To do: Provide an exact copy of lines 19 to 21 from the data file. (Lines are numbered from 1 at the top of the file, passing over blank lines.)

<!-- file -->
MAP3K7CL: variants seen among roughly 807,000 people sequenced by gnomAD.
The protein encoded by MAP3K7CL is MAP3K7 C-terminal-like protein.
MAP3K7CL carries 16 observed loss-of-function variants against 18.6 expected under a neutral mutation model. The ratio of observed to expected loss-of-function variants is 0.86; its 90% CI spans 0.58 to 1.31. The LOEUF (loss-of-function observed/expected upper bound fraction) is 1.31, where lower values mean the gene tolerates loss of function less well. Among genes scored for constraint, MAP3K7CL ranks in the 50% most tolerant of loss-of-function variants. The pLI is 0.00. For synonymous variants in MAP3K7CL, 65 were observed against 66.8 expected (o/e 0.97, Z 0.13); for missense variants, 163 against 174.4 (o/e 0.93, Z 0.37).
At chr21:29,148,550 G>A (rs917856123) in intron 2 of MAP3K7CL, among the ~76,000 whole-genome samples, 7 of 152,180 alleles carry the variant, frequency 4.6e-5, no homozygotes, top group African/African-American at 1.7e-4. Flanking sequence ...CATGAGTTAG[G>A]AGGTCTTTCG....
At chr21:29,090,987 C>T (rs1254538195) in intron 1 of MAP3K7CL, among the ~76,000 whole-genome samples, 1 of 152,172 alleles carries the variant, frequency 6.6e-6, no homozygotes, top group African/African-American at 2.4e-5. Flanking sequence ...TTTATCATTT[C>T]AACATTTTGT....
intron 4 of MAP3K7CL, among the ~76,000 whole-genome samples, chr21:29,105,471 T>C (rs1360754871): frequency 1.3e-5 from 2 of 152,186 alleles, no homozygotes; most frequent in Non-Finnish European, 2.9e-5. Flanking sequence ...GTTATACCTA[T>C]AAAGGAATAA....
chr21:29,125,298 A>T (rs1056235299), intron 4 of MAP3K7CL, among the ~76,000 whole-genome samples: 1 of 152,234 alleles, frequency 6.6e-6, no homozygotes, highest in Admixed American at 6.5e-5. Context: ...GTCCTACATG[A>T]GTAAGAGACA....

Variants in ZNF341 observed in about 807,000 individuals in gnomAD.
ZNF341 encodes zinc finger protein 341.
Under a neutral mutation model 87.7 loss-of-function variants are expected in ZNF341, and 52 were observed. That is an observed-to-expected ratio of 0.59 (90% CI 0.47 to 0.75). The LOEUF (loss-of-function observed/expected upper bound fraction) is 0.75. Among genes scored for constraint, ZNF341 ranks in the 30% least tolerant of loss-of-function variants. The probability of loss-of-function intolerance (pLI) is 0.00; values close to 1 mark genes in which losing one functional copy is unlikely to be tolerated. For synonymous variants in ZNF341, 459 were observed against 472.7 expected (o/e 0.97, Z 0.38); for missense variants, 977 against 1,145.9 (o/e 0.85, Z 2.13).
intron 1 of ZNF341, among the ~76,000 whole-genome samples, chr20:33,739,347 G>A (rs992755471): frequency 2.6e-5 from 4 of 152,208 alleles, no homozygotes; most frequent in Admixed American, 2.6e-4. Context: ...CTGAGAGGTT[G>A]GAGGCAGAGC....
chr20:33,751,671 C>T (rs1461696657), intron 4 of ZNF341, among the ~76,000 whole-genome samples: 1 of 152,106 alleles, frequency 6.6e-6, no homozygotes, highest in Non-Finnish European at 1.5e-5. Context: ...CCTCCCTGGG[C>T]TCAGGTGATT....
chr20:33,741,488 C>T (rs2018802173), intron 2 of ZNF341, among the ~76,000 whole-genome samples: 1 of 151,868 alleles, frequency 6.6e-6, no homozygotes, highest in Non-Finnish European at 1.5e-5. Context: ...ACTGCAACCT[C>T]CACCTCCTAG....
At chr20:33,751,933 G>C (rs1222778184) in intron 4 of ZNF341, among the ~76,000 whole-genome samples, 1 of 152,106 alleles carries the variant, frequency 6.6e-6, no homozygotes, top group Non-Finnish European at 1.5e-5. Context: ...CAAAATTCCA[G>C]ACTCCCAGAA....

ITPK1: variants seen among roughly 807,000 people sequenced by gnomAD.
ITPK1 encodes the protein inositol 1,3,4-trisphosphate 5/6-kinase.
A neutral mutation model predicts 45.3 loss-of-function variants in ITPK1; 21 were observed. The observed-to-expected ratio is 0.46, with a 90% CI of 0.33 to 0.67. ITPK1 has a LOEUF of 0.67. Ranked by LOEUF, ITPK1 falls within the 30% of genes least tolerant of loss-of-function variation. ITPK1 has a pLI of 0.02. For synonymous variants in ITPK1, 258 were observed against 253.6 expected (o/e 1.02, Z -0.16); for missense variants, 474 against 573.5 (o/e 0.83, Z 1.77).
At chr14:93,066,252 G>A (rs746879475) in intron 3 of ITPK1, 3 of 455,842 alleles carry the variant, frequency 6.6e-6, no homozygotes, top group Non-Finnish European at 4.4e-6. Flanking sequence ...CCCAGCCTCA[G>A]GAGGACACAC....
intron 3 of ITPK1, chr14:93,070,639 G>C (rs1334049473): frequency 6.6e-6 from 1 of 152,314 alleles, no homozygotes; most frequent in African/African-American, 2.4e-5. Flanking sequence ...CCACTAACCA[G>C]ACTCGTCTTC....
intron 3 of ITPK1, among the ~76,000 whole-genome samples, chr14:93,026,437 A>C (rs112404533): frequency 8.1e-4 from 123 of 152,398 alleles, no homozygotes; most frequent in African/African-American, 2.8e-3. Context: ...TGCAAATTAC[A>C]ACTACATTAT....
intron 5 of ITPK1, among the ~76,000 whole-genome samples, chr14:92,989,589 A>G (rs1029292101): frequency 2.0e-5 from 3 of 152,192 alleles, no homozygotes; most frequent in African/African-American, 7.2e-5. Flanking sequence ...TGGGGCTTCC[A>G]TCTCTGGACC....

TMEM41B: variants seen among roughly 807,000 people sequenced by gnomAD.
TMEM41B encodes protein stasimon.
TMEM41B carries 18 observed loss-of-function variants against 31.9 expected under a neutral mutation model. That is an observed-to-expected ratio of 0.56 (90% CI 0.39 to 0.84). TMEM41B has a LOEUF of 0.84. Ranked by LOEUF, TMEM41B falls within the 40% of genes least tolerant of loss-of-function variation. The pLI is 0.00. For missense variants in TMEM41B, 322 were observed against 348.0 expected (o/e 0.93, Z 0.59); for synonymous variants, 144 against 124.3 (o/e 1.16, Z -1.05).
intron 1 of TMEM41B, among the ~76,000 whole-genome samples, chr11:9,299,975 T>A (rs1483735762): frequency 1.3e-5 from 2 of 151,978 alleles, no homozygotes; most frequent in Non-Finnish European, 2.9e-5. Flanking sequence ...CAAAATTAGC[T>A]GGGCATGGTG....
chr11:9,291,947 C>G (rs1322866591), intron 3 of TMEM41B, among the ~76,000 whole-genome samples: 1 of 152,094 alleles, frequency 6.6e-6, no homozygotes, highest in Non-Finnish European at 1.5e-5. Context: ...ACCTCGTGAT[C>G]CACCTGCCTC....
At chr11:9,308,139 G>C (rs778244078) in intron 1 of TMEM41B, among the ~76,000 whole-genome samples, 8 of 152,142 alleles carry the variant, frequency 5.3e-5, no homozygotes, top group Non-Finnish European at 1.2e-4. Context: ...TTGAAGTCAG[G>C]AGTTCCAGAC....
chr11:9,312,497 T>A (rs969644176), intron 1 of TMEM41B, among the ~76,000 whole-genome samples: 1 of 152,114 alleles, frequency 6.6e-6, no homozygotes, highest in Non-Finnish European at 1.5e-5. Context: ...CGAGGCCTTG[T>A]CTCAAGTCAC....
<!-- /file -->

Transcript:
intron 3 of ITPK1, chr14:93,070,639 G>C (rs1334049473): frequency 6.6e-6 from 1 of 152,314 alleles, no homozygotes; most frequent in African/African-American, 2.4e-5. Flanking sequence ...CCACTAACCA[G>C]ACTCGTCTTC....
intron 3 of ITPK1, among the ~76,000 whole-genome samples, chr14:93,026,437 A>C (rs112404533): frequency 8.1e-4 from 123 of 152,398 alleles, no homozygotes; most frequent in African/African-American, 2.8e-3. Context: ...TGCAAATTAC[A>C]ACTACATTAT....
intron 5 of ITPK1, among the ~76,000 whole-genome samples, chr14:92,989,589 A>G (rs1029292101): frequency 2.0e-5 from 3 of 152,192 alleles, no homozygotes; most frequent in African/African-American, 7.2e-5. Flanking sequence ...TGGGGCTTCC[A>G]TCTCTGGACC....